Cinema Review: The Hunter
Currently on Limited Release at UK cinemas
The Hunter is an Australian movie based on Julia Leigh’s multi-award-winning debut novel of the same title. Filmed against breathtaking Tasmanian vistas, the film is a visual triumph throughout. It is also a triumph of acting with excellent performances all round, especially Willem Dafoe (who continues to show what an intense performer he can be when given the right material).
The film is shot by long-time TV director Daniel Nettheim with a surprisingly fine eye for widescreen splendour. His approach is reminiscent of other recent dramas like The American and Winter’s Bone, in the sense that the whole thing is a very character-driven piece with opaque plotting and an intentionally slow-burning narrative. Plot-wise there’s little similarity to those two films, but the overall style is instantly recognisable. Anyone expecting a rollercoaster ride of outdoor action – as suggested by the film’s misleading trailer – may well end up disappointed. If, however, you allow yourself to adjust to the film’s deliberate and carefully measured pace, there’s quite a bit to admire.
Enigmatic soldier of fortune Martin (Willem Dafoe) is hired by shady biotech company, Red Leaf, to go to Tasmania in search of the legendary Tasmanian Tiger. This strange animal has long been considered extinct, but rumours persist of its existence and tourists often frequent the vast wilderness in the hope of catching a glimpse of the mythical creature.
Red Leaf inform Martin that they have reliable information that a Tasmanian Tiger has been sighted. They want him to take fur and organ samples from the beast, then dispose of its carcass. Being a man of cold calculation, as ruthless as he is efficient, Martin accepts the assignment without questioning its deeper ecological implications.
Only later does his attitude towards the assignment change. His cover story involves posing as a university boffin observing Tasmanian Devils in the wild. To keep up this pretence he rents a room in the home of the dysfunctional Armstrong family – permanently sedated mother Lucy (Frances O’Connor), spunky girl Sass (Morgana Davies) and troubled, ever-silent youth Bike (Finn Woodlock). Against his own code of distant professionalism, Martin soon finds himself warming to the family and enjoying his time with them.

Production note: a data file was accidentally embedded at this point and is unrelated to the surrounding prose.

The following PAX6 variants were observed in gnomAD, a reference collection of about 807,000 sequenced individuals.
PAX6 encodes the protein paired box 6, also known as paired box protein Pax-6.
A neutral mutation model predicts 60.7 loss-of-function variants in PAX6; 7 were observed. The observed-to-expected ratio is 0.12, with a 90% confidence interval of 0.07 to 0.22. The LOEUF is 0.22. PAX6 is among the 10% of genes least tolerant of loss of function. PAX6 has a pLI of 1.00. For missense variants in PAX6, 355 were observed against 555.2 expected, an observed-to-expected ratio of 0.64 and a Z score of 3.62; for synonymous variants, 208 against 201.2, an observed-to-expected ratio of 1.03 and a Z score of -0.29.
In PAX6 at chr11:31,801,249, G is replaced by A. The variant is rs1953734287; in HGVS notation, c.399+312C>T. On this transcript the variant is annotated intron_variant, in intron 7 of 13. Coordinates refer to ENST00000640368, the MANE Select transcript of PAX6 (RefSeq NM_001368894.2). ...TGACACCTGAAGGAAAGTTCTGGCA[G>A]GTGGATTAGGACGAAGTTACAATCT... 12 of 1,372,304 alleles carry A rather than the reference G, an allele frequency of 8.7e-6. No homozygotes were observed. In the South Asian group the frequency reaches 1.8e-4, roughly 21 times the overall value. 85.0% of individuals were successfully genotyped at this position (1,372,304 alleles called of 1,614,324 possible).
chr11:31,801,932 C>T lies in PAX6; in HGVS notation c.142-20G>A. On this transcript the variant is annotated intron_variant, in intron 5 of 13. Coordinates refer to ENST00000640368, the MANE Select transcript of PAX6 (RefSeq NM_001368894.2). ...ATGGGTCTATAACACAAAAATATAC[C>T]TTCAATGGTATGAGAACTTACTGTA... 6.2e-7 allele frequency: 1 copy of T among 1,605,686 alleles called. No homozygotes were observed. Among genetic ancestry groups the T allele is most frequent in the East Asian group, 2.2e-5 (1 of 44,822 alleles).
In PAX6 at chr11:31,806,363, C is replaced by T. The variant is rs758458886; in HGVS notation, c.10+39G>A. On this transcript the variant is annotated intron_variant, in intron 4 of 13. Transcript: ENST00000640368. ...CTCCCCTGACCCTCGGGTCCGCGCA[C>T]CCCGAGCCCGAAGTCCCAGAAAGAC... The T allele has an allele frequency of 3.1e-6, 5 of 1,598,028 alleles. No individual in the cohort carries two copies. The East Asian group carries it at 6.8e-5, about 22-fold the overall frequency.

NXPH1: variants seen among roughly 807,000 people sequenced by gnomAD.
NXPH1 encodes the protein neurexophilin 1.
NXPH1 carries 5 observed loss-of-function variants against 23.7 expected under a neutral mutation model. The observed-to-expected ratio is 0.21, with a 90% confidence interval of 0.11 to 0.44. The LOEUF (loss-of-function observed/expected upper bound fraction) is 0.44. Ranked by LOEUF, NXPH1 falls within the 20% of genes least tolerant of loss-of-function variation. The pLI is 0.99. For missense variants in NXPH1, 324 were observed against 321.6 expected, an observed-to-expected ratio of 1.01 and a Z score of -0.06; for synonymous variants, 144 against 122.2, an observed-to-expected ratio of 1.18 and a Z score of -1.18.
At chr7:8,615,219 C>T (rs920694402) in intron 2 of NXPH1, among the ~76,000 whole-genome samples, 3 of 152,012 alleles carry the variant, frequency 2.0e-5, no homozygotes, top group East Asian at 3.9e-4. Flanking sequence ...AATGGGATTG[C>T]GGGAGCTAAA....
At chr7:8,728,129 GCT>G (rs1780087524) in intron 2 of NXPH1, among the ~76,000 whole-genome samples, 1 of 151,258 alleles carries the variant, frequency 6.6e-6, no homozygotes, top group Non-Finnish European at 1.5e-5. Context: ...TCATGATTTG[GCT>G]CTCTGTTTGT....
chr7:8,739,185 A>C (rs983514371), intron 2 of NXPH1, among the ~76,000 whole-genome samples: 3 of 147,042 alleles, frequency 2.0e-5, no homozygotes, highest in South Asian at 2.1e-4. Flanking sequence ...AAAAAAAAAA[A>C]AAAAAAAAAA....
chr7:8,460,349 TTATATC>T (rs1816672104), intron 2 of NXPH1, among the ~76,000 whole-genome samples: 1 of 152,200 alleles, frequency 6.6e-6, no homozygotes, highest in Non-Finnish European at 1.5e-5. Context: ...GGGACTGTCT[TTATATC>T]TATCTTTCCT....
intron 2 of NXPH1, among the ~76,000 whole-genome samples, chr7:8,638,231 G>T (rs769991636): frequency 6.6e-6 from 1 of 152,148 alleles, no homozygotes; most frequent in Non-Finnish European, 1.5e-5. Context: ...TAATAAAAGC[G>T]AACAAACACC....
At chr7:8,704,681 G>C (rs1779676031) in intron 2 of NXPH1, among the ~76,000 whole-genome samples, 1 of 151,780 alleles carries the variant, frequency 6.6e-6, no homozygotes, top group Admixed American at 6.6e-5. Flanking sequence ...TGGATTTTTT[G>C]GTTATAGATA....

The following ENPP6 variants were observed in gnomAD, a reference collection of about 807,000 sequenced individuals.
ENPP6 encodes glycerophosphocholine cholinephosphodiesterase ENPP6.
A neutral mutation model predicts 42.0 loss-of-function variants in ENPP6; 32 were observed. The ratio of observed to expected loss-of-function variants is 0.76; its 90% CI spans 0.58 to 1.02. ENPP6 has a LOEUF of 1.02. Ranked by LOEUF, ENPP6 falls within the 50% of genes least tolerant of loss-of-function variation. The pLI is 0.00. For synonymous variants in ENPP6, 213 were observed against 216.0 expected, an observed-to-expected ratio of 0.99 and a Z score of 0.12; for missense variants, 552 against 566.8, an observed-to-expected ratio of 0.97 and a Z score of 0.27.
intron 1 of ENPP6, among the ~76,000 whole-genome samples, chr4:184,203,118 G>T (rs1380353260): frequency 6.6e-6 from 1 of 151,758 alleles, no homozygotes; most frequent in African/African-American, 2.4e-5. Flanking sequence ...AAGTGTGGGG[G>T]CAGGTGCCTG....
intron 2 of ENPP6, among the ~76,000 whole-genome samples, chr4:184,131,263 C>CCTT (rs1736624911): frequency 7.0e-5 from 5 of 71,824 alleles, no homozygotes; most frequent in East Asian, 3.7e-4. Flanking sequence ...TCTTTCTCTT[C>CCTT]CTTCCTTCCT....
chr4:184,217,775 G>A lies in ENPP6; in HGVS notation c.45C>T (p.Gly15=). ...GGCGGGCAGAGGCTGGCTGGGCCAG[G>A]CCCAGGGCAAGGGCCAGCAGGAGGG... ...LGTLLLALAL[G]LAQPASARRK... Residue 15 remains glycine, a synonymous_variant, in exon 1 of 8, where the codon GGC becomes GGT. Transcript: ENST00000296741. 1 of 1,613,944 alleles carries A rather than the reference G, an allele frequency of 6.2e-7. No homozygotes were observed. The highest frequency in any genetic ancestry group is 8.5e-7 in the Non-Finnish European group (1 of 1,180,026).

When Martin discovers that their father went missing in the wilderness several months earlier, apparently working for Red Leaf and searching for the same elusive animal, he begins to sense that there may be more to the job than meets the eye. During his long wanderings in the lonely wilderness he becomes more and more convinced that someone else is out there, watching his every move, stalking him as cunningly as he himself is stalking his prey.
The biggest failing of The Hunter is that it tries so hard to evoke a detached, mysterious aura around its characters that it never really engages on an emotional level. Dafoe hints brilliantly at a dangerous character with a dark past, his face etched with nervous concentration and troubled musings throughout… but at no point do we ever truly find out anything concrete about his back story. Sam Neill is similarly scuppered by his role as a shady character who seems to have a role in everyone’s business, often stirring trouble to his own devious ends… but any indication of what makes him tick, why he acts as he does, is never sufficiently defined. There is a scene late in the film which involves the off-screen death of some key characters, but once again the film’s emotionally detached approach renders these events curiously unmoving.
Indeed, that’s exactly what The Hunter is – curiously unmoving. It is beautiful, yes, but coldly beautiful. It is impeccably acted yet peopled by characters too obscure to connect with; continually intriguing and full of mystery yet never as truly compelling as it could be.
The Hunter is certainly worth watching, especially on the big screen where one can best appreciate its visual richness, but it’s hard to shake a nagging suspicion that the opportunity for something truly extraordinary has been missed. It is a good film – which, lord knows, is a welcome rarity in this summer of largely underwhelming cinema – but somewhere in here is a genuinely amazing movie which never quite manages to break out.
FMV Rating ***